Determining the best time to consider End of Life care is one of the most

difficult decisions we can make on behalf of our loved ones.  It is emotional

for many reasons.  We are caring by nature, especially towards those closest

to us, and so, if we had the desire of our heart our Moms, Dads, Relatives, and

Friends would “live forever.”  While some healthcare providers and clinical

services turn a blind eye to the subject, the reality is that death is a part of life!

Having an attitude of denial can actually rob our loved ones of various

services which can enhance their quality of life in the midst of chronic illness.

So, when is a good time to discuss Hospice Services?  In order to answer such

an emotional question so near and dear to our heart, one must first

understand the goal and nature of Hospice Care.

First, it is critical to understand that Hospice does not take the place of all

other healthcare services. It is an additional supportive service which

enhances the quality care that your loved one receives during a period of

progressive end of life illness.  Hospice care teams consist of caring

healthcare providers who are specifically trained to meet the physical,

mental, emotional, and social needs of our loved ones at a critical stage in

their end of life disease management.

Contrary to popular belief, Hospice does not mean, “Do Not Treat!”  Modern

day Hospice Services are holistic in their approach and focus on treating the

whole person which benefits both your loved one and family.

So, when is a good time to discuss Hospice Services?  The truthful answer is

NEVER!  There is no “good” time to discuss End of Life Care, however, it is a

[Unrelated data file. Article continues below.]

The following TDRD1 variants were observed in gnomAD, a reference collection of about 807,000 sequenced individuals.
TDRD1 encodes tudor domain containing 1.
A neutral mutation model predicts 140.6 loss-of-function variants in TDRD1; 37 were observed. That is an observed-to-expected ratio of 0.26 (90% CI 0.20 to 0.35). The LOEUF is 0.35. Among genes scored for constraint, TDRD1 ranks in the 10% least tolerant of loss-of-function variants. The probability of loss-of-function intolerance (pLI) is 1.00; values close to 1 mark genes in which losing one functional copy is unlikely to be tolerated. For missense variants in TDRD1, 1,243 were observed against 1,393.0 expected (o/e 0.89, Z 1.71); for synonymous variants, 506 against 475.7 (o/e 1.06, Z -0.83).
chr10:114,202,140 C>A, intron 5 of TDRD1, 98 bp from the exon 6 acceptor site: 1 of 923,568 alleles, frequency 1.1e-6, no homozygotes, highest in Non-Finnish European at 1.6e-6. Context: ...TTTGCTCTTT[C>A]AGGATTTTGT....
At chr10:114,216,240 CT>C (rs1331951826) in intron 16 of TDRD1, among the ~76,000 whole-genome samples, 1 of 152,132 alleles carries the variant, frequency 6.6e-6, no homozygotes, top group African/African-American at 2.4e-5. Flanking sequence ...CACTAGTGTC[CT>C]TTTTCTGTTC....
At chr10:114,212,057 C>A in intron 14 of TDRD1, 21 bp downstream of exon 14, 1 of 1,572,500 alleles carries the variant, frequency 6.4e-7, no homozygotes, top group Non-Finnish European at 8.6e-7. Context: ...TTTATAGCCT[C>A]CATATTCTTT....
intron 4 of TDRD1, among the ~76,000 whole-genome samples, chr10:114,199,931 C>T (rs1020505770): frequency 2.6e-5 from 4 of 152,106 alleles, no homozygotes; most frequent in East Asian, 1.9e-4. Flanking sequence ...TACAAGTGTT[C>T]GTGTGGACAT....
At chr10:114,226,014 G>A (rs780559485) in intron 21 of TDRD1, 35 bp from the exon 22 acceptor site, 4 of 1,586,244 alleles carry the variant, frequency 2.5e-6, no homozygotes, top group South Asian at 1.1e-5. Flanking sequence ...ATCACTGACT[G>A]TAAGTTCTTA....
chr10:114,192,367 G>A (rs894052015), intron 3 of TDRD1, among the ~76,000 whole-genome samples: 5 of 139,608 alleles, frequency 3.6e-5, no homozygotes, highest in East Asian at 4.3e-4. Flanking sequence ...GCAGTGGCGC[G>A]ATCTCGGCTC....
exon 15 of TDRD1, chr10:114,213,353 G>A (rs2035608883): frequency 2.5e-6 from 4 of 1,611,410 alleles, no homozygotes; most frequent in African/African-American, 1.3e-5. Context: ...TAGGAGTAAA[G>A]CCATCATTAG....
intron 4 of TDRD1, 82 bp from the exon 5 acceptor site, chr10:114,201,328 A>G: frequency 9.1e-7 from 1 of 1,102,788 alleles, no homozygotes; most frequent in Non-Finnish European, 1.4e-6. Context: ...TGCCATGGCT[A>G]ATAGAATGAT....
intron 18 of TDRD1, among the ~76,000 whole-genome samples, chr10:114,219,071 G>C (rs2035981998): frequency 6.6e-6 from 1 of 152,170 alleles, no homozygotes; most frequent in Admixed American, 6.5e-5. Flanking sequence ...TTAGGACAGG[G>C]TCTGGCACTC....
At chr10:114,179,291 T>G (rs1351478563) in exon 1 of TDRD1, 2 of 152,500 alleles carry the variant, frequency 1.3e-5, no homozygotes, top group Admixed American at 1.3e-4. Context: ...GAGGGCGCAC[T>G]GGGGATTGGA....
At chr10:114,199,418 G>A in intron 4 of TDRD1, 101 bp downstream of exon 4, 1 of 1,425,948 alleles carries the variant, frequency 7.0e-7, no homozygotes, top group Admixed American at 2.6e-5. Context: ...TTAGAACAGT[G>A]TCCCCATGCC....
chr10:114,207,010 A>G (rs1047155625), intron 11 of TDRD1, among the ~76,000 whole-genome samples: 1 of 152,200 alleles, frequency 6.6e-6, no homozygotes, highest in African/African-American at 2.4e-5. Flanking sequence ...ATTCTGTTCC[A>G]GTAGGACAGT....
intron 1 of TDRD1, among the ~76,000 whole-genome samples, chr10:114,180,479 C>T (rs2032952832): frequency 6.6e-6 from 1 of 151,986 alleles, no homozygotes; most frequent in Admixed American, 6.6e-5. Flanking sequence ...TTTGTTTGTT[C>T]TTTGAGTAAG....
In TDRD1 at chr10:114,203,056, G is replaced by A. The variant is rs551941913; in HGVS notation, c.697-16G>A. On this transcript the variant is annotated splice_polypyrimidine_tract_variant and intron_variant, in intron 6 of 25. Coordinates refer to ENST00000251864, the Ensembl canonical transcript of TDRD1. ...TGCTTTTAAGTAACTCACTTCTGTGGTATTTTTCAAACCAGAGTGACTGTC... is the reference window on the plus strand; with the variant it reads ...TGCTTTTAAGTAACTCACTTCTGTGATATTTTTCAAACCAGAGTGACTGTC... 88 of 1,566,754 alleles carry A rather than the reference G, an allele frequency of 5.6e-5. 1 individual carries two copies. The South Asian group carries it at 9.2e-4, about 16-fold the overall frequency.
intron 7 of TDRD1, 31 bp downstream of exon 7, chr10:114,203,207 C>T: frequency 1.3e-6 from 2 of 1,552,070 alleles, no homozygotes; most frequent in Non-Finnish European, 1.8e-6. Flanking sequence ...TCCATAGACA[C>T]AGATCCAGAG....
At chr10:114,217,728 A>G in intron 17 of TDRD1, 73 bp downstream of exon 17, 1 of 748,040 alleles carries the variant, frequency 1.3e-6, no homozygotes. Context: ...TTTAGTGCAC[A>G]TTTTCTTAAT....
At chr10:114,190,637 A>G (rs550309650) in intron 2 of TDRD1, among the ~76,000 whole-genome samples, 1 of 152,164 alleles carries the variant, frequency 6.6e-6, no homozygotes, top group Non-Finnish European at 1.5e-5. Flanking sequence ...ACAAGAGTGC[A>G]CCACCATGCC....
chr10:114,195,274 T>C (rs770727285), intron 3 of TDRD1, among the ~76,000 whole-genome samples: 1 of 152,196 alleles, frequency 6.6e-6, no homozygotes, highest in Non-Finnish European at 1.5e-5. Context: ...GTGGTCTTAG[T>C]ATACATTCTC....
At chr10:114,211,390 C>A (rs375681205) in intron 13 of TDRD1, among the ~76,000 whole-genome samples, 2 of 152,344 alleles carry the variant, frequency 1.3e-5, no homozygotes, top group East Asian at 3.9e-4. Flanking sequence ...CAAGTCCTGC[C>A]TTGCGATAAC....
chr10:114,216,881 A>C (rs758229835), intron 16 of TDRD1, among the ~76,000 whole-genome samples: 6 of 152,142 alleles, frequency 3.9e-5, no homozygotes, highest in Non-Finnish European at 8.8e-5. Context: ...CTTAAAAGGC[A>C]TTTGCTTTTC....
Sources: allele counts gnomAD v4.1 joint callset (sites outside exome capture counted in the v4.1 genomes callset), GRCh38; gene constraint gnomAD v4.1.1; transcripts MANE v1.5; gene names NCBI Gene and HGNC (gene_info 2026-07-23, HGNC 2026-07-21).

very real and inevitable part of our human existence, and in order to maintain

the comfort and quality of life our loved ones deserve, the bridge must be


Here are a few possible indicators which may help guide you in choosing the

“right” time to consider an evaluation and assessment by a hospice provider:

Uncontrolled Pain related to terminal illness.

Advanced Dementia or Alzheimer Disease that has led to little or no nutrition

or fluid intake (unless a Living Will or family decision has been made to offer

nutrition by artificial means)

When a Primary Care Physician or Specialist (Oncologist, Cardiologist,

Pulmonologist, etc.) has recommended Hospice.

When your loved one personally requests Hospice.

There are many difficult considerations to be made during these challenging

times, if you feel that the time is right, but you aren’t quite sure, contact an

innovative Hospice Service and request an evaluation.  These services

specialize in end of life care and may be able to assist you in the process, offer

support, and remedy any unanswered questions you may have!


With questions and comments contact Sylvia today

Phone 203-267-1700

Email:  CareDesk@EmbracingChangeHomeCare.com